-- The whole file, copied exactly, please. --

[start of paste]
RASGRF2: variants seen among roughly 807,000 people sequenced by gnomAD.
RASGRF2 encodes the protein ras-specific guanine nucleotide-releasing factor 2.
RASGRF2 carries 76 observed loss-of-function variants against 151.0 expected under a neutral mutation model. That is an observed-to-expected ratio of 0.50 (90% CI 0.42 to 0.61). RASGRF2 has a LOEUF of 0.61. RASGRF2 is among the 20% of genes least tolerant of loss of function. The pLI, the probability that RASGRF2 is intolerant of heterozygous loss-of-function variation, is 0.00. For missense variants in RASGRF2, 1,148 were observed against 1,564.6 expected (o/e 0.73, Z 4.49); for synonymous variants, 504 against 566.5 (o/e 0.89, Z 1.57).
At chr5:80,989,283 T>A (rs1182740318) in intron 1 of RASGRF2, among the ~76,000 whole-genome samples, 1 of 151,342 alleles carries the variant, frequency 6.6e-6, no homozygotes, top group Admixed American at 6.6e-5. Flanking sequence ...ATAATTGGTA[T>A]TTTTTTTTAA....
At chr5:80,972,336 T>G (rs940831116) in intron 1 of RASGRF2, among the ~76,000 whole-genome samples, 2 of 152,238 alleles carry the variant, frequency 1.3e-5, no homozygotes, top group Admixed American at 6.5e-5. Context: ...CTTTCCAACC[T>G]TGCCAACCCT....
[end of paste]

RASGRF2: variants seen among roughly 807,000 people sequenced by gnomAD.
RASGRF2 encodes the protein ras-specific guanine nucleotide-releasing factor 2.
RASGRF2 carries 76 observed loss-of-function variants against 151.0 expected under a neutral mutation model. That is an observed-to-expected ratio of 0.50 (90% CI 0.42 to 0.61). RASGRF2 has a LOEUF of 0.61. RASGRF2 is among the 20% of genes least tolerant of loss of function. The pLI, the probability that RASGRF2 is intolerant of heterozygous loss-of-function variation, is 0.00. For missense variants in RASGRF2, 1,148 were observed against 1,564.6 expected (o/e 0.73, Z 4.49); for synonymous variants, 504 against 566.5 (o/e 0.89, Z 1.57).
At chr5:80,989,283 T>A (rs1182740318) in intron 1 of RASGRF2, among the ~76,000 whole-genome samples, 1 of 151,342 alleles carries the variant, frequency 6.6e-6, no homozygotes, top group Admixed American at 6.6e-5. Flanking sequence ...ATAATTGGTA[T>A]TTTTTTTTAA....
At chr5:80,972,336 T>G (rs940831116) in intron 1 of RASGRF2, among the ~76,000 whole-genome samples, 2 of 152,238 alleles carry the variant, frequency 1.3e-5, no homozygotes, top group Admixed American at 6.5e-5. Context: ...CTTTCCAACC[T>G]TGCCAACCCT....